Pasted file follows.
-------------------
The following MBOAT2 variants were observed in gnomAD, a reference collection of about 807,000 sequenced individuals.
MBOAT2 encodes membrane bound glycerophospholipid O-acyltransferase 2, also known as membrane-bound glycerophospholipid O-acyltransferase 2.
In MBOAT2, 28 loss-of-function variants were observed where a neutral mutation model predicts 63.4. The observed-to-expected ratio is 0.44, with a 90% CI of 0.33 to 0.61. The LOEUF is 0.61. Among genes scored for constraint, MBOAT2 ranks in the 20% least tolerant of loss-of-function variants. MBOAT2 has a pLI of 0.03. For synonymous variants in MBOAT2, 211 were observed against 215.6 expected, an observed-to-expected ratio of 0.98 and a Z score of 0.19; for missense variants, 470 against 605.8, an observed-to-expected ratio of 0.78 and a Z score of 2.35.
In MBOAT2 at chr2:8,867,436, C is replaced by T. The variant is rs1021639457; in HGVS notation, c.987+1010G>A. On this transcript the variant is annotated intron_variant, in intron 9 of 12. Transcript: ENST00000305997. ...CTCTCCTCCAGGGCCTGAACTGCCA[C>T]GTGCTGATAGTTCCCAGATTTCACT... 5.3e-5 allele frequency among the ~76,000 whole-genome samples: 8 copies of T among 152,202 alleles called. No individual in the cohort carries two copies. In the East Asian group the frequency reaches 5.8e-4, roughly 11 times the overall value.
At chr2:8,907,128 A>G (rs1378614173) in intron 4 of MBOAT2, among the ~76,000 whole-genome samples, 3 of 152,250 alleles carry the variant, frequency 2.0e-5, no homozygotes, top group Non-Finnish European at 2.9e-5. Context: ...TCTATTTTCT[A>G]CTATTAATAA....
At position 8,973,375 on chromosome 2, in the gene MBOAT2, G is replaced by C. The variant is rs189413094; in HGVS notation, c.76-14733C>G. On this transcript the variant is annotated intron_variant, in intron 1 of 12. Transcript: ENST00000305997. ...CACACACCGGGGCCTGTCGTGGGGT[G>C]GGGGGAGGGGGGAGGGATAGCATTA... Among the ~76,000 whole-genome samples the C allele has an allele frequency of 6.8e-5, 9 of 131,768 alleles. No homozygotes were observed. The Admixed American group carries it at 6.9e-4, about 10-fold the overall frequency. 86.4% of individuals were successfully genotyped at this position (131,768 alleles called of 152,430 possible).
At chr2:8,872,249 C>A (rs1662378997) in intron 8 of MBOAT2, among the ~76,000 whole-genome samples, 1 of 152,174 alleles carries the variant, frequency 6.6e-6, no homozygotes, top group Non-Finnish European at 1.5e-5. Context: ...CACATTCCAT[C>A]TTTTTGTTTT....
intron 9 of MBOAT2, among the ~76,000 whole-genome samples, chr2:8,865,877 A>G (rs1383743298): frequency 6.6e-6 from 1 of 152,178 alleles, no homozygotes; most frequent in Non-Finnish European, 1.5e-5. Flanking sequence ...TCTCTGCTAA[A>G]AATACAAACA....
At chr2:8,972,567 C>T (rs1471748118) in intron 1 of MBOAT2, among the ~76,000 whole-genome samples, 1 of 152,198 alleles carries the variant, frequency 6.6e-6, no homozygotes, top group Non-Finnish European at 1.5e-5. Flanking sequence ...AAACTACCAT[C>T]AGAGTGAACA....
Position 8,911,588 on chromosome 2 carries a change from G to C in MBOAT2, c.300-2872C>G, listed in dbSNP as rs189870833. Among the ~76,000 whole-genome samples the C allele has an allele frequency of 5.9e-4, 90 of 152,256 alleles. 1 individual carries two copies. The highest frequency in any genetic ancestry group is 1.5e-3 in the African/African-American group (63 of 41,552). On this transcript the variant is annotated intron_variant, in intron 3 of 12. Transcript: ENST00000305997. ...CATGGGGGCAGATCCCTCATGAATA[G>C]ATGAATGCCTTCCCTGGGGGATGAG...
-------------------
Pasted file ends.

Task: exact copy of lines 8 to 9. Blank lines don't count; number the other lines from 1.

intron 9 of MBOAT2, among the ~76,000 whole-genome samples, chr2:8,865,877 A>G (rs1383743298): frequency 6.6e-6 from 1 of 152,178 alleles, no homozygotes; most frequent in Non-Finnish European, 1.5e-5. Flanking sequence ...TCTCTGCTAA[A>G]AATACAAACA....
At chr2:8,972,567 C>T (rs1471748118) in intron 1 of MBOAT2, among the ~76,000 whole-genome samples, 1 of 152,198 alleles carries the variant, frequency 6.6e-6, no homozygotes, top group Non-Finnish European at 1.5e-5. Flanking sequence ...AAACTACCAT[C>T]AGAGTGAACA....